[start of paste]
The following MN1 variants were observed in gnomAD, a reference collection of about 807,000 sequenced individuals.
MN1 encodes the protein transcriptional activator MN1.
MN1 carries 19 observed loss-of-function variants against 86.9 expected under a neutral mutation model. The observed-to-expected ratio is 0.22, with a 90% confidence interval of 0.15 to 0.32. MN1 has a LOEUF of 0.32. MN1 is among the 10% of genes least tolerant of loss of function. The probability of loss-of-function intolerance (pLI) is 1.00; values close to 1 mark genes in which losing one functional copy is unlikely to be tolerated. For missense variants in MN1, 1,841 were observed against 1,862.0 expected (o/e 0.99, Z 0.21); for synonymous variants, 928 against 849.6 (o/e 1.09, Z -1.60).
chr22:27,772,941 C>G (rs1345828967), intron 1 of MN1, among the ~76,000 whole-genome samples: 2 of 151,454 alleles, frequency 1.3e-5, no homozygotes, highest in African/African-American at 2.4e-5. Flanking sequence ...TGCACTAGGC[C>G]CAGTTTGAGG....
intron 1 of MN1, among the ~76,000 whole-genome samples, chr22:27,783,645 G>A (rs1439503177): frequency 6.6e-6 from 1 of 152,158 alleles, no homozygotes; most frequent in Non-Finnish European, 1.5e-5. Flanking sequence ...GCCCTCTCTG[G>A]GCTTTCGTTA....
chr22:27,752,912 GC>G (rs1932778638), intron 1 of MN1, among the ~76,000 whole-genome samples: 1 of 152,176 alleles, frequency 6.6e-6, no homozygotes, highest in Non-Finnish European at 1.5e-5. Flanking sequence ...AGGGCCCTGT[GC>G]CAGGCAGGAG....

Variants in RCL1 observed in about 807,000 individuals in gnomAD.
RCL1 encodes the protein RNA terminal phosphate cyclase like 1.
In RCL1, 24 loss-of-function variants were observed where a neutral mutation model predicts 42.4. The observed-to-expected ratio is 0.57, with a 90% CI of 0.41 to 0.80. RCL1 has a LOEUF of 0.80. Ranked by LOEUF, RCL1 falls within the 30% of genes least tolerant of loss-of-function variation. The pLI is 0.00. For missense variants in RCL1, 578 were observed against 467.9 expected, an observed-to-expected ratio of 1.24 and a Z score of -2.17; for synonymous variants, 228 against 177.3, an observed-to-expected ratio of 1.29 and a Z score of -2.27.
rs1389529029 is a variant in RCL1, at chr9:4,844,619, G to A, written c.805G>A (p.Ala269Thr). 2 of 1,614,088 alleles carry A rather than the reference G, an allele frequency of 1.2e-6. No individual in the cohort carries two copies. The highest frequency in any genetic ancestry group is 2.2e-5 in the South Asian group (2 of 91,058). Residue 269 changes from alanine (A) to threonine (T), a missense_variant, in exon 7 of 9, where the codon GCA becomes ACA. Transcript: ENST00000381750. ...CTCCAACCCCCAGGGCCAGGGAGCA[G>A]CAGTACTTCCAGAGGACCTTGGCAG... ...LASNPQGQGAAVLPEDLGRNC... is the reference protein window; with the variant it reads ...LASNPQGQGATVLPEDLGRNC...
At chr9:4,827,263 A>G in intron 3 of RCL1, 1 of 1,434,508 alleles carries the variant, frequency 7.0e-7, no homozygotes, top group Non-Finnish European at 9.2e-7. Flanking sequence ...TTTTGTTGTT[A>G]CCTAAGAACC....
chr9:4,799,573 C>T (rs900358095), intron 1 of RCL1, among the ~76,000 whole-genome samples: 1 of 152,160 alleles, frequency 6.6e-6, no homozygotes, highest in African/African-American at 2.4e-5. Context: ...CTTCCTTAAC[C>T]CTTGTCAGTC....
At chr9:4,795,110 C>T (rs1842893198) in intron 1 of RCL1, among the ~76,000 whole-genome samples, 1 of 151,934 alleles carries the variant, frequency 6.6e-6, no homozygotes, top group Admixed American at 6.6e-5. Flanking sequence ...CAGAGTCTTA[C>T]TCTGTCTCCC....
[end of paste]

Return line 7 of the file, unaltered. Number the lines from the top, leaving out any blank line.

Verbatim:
Variants in RCL1 observed in about 807,000 individuals in gnomAD.